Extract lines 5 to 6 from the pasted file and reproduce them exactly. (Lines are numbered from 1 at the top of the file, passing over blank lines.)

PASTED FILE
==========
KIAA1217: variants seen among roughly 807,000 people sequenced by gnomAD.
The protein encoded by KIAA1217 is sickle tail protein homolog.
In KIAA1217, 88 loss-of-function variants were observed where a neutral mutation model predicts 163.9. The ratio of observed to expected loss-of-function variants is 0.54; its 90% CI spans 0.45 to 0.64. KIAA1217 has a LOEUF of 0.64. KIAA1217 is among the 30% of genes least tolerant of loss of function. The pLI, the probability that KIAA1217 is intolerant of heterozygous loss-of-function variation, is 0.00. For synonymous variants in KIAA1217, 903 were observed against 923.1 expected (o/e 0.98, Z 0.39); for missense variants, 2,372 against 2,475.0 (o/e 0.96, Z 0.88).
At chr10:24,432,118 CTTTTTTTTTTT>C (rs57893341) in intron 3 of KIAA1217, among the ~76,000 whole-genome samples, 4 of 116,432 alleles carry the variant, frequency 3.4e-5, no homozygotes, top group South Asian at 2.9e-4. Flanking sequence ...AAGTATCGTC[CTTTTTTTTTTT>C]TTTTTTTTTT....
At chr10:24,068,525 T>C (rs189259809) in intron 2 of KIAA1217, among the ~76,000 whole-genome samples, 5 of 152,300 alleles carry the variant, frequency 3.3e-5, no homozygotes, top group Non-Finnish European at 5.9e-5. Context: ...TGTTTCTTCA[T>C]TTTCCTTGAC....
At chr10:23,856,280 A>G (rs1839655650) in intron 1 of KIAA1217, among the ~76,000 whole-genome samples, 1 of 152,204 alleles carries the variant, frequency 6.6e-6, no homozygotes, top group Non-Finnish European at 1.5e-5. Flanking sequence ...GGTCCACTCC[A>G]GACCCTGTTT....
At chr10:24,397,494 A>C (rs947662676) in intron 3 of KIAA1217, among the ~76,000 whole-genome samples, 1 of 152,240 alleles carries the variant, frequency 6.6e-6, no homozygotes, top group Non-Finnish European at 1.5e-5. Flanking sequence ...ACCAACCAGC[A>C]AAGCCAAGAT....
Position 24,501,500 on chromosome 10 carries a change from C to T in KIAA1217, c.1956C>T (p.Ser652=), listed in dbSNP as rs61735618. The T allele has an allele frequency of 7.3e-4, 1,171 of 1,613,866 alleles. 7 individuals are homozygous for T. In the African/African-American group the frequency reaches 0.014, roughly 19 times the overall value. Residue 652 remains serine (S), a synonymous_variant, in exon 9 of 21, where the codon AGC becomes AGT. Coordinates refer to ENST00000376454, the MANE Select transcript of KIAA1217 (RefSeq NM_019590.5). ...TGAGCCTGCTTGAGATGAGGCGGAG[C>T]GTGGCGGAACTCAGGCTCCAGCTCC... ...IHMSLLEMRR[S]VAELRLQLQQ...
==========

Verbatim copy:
At chr10:24,068,525 T>C (rs189259809) in intron 2 of KIAA1217, among the ~76,000 whole-genome samples, 5 of 152,300 alleles carry the variant, frequency 3.3e-5, no homozygotes, top group Non-Finnish European at 5.9e-5. Context: ...TGTTTCTTCA[T>C]TTTCCTTGAC....
At chr10:23,856,280 A>G (rs1839655650) in intron 1 of KIAA1217, among the ~76,000 whole-genome samples, 1 of 152,204 alleles carries the variant, frequency 6.6e-6, no homozygotes, top group Non-Finnish European at 1.5e-5. Flanking sequence ...GGTCCACTCC[A>G]GACCCTGTTT....